What The TikTok Ban Could Mean For Marketers In The US

On 24 April, Joe Biden signed a bill that threatens to ban the social media app TikTok. The law has given ByteDance, TikTok’s parent company, an ultimatum: sell the app’s US operations or face a permanent ban.  

The ban would take place by blocking TikTok across all app stores and disallowing web hosts from distributing the platform. The law comes after hypothetical concern that data from TikTok’s 170 million US users could be accessed by the Chinese state, breaching national security laws. 

ByteDance has 270 days to make the decision… 


…and the clock is ticking 


TikTok’s US business could sell for over $50 billion (£39.9 billion), making it no easy bid. As you can imagine, very few companies can afford to splash out like that, but potential bidders could include the likes of Apple, Amazon, Google or Netflix. Even there, buying the app may involve disrupting antitrust regulations and unfairly monopolising on market power.  

If TikTok does get banned, then the US constitutional right to freedom of speech could be threatened and a political storm could follow.  

What Does This Mean for Marketers In The US? 

Economically speaking, the TikTok ban would also shut down a huge e-commerce opportunity. On September 12 2023, TikTok launched TikTok shop. The in-app marketplace takes down the user-barrier of having to leave the app to purchase from a creator. With the #TikTokMadeMeBuyIt tag having 7.3 million posts, the app has become a hell of a force in social commerce. 

Further data, as polled by HootSuite, shows that: 

  • On average, businesses use 15% of their marketing budget on TikTok 
  • 1 in 4 business owners use TikTok influencers for product sales or promotions 
  • Advertisers see an average return of $2 for every $1 spent 
  • TikTok is the fastest growing platform for product discovery 

In 2023, TikTok reported it drove $15 billion in revenue for small businesses alone. It’s no surprise then that the ban will bite these enterprises the most.  

For marketers, the ban will create a huge rift in digital strategy. With a detrimental loss of audience access and influencer partnerships, marketers will have to ‘think outside the Tok’ by redressing content tactics, shifting spend and revaluating data analytics. Likewise, brands that have built a reputation heavily tied to TikTok would need to modify their branding to better fit other platforms – all of which means adapting to new demographics, algorithms and media formats.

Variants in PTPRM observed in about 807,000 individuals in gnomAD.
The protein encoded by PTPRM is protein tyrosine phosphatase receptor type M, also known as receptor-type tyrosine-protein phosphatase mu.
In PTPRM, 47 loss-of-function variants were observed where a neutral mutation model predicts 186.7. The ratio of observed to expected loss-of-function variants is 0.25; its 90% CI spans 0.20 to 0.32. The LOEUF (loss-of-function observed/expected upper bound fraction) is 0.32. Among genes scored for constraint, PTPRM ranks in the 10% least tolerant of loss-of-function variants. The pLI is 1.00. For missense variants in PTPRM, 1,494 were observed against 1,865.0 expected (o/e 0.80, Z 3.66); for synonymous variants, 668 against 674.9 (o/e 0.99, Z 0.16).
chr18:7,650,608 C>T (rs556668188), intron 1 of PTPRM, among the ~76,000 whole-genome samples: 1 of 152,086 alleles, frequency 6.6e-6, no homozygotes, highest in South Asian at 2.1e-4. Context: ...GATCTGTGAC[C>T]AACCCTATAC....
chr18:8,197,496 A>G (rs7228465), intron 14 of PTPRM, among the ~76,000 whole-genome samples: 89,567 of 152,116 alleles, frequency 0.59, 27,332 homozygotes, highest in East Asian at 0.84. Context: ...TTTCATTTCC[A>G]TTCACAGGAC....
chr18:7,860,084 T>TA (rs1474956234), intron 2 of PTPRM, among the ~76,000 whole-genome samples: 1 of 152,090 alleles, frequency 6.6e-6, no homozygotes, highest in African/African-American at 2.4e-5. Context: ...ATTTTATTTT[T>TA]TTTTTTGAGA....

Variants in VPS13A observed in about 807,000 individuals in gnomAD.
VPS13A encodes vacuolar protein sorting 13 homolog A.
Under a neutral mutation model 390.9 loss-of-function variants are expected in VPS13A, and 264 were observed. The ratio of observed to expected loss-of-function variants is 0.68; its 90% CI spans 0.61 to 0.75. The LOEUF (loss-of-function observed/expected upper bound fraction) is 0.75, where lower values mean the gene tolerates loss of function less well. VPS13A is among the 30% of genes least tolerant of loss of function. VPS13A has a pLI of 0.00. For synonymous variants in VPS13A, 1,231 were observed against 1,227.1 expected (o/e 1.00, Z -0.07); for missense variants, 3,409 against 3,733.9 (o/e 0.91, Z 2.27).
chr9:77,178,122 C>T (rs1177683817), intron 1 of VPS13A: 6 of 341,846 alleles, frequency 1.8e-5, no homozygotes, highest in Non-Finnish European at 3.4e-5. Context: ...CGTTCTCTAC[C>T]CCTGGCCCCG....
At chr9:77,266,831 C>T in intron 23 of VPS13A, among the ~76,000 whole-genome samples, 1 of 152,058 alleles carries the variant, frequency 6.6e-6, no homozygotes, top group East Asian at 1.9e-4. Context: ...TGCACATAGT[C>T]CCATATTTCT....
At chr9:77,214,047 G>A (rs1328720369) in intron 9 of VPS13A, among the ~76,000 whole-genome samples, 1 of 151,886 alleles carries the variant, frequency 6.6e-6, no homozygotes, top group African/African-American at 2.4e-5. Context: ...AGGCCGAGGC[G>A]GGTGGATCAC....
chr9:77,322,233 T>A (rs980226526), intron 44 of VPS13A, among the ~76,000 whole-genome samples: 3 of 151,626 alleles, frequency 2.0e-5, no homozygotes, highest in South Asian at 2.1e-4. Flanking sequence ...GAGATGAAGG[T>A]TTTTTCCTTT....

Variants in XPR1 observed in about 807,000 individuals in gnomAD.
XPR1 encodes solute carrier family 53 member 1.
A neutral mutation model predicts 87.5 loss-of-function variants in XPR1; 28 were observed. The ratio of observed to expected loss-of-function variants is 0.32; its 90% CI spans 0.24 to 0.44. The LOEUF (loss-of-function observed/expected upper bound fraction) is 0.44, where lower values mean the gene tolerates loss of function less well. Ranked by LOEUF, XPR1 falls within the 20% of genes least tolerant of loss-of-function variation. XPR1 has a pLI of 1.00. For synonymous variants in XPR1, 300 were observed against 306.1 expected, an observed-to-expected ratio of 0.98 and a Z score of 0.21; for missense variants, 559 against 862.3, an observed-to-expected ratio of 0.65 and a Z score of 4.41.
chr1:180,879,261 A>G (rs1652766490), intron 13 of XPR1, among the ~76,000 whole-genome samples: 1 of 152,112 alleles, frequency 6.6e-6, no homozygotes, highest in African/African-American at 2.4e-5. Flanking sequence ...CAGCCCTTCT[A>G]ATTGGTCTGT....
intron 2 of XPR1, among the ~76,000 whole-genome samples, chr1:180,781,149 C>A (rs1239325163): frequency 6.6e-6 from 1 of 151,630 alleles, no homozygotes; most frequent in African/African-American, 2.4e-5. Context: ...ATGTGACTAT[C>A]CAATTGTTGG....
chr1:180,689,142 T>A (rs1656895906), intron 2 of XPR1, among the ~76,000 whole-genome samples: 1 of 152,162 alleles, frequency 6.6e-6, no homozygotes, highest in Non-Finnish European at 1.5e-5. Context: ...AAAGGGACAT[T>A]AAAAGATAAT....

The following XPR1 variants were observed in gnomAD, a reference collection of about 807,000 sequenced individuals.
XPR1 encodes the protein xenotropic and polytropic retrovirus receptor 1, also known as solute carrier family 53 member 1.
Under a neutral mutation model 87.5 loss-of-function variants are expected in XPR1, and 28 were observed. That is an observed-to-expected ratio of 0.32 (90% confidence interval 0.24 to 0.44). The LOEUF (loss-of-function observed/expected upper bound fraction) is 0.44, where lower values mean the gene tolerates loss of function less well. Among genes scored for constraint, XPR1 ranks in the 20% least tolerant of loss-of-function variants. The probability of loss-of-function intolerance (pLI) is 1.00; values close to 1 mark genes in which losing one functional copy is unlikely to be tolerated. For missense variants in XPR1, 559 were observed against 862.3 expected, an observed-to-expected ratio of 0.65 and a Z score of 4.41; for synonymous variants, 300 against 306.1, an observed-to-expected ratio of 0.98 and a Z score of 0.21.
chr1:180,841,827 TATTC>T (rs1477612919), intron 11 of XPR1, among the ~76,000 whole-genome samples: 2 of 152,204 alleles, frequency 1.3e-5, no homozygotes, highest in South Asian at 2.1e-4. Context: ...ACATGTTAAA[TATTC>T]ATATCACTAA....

A New Opportunity? 

Whilst TikTok’s foreseeable expiration date is 19 January 2025, US businesses could use this window as an opportunity to solidify presence on clone platforms. These platforms being YouTube Shorts, Facebook and Instagram Reels, all of which have soared in popularity over the past three years.  

YouTube Shorts, that rolled out in 2021 now accumulates 70 billion daily views, whilst Instagram and Facebook Reels, launched across 2020 and 2021, have a combined total of 200 billion views per day. 

The looming ban could benefit these platforms as businesses race to get there first. Should the ban take place, businesses with a pre-established presence on these platforms would have the upper hand on their social strategies. 

What To Do Now 

According to expert in cybersecurity, Milton Mueller, there is real doubt that TikTok would pose a threat to US security levels. In fact, TikTok has gone to great lengths to delete data of American users from ByteDance servers, and they have also moved all information to US-based servers in an effort to keep data out of Chinese surveillance.  

For those in the US, the advice is to carry on posting as normal. If you have concerns about breaches to your security, then TikTok allows the option to create a new or anonymous account. You are also able to disable TikTok from accessing your contacts and photos via phone settings. 


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